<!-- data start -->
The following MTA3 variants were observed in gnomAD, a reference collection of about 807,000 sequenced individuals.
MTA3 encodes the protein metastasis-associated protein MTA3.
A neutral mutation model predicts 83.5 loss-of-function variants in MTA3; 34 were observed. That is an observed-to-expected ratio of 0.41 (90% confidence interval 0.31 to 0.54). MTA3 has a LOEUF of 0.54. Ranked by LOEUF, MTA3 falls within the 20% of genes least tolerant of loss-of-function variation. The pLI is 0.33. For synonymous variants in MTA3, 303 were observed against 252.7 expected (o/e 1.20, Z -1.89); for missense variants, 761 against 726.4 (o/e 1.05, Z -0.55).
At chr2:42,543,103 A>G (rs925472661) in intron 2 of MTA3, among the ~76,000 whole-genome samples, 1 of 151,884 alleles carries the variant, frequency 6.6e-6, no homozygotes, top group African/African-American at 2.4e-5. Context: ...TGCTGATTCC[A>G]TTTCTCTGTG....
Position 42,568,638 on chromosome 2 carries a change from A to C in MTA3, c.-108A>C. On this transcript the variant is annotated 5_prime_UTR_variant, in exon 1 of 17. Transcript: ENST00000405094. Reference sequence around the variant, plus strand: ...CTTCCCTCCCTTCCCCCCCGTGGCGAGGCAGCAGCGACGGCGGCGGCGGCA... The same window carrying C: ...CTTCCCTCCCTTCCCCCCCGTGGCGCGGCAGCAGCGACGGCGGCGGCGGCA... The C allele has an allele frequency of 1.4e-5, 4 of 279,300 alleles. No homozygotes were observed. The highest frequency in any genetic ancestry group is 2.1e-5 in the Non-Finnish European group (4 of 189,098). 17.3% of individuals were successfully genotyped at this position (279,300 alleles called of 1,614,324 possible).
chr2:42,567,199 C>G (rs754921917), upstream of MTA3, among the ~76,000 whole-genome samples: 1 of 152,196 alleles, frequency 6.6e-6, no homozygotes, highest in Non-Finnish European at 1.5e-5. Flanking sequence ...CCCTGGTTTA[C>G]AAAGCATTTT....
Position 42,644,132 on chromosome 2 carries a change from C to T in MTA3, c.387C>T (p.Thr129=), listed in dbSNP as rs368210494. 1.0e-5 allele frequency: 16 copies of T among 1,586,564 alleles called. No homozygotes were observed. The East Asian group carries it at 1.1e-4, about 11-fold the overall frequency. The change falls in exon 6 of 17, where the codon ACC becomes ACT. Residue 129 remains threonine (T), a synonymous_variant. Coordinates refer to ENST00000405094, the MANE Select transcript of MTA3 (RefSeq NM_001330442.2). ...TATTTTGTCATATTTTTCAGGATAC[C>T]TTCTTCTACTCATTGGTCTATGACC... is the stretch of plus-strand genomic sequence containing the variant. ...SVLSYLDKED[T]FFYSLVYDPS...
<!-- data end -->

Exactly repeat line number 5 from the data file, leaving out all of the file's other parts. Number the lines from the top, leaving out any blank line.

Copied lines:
Position 42,568,638 on chromosome 2 carries a change from A to C in MTA3, c.-108A>C. On this transcript the variant is annotated 5_prime_UTR_variant, in exon 1 of 17. Transcript: ENST00000405094. Reference sequence around the variant, plus strand: ...CTTCCCTCCCTTCCCCCCCGTGGCGAGGCAGCAGCGACGGCGGCGGCGGCA... The same window carrying C: ...CTTCCCTCCCTTCCCCCCCGTGGCGCGGCAGCAGCGACGGCGGCGGCGGCA... The C allele has an allele frequency of 1.4e-5, 4 of 279,300 alleles. No homozygotes were observed. The highest frequency in any genetic ancestry group is 2.1e-5 in the Non-Finnish European group (4 of 189,098). 17.3% of individuals were successfully genotyped at this position (279,300 alleles called of 1,614,324 possible).